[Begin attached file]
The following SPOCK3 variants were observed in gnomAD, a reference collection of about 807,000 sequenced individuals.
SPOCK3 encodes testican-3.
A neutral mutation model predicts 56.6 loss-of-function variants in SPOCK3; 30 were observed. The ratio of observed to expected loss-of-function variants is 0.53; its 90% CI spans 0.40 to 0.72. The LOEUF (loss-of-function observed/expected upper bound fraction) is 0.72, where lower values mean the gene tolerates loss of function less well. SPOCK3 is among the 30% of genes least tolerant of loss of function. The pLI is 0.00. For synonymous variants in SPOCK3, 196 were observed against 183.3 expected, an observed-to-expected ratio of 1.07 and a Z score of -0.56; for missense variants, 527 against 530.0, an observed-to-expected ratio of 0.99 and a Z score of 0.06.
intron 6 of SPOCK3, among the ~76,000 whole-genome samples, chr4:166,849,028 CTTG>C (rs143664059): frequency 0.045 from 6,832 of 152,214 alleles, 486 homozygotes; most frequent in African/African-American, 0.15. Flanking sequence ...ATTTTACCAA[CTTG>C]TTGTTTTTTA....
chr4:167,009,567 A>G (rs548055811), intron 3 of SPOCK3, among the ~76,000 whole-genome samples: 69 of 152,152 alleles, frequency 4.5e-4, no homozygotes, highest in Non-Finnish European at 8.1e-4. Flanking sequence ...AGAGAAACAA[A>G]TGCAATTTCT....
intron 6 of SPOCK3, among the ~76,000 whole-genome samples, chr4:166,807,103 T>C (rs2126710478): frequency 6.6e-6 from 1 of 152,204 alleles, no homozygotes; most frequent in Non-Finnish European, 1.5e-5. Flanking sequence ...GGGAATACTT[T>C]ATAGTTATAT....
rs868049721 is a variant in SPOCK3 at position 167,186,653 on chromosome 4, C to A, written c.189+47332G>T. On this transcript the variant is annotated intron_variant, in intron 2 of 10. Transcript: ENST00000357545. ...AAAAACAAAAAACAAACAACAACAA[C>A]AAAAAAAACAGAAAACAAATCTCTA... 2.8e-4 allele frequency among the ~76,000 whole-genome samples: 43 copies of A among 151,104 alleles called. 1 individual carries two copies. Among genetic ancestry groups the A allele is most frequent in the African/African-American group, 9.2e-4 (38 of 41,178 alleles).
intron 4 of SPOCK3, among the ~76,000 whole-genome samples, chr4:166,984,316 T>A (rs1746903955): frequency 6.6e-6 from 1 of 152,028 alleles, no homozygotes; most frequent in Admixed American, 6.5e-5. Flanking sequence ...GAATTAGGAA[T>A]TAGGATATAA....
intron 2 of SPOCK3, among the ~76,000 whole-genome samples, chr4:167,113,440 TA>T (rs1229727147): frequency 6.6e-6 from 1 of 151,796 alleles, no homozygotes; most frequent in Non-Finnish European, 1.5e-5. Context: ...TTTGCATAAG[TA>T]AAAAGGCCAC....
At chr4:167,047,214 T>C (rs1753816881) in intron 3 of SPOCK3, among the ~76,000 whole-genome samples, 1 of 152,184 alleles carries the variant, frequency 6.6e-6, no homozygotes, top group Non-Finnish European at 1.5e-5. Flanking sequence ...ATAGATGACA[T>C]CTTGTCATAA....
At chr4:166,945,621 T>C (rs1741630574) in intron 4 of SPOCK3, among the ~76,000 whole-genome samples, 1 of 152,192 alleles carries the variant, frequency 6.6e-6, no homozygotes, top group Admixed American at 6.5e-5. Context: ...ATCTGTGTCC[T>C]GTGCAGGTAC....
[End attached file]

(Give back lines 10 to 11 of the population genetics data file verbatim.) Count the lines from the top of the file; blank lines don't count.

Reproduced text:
At chr4:167,047,214 T>C (rs1753816881) in intron 3 of SPOCK3, among the ~76,000 whole-genome samples, 1 of 152,184 alleles carries the variant, frequency 6.6e-6, no homozygotes, top group Non-Finnish European at 1.5e-5. Flanking sequence ...ATAGATGACA[T>C]CTTGTCATAA....
At chr4:166,945,621 T>C (rs1741630574) in intron 4 of SPOCK3, among the ~76,000 whole-genome samples, 1 of 152,192 alleles carries the variant, frequency 6.6e-6, no homozygotes, top group Admixed American at 6.5e-5. Context: ...ATCTGTGTCC[T>C]GTGCAGGTAC....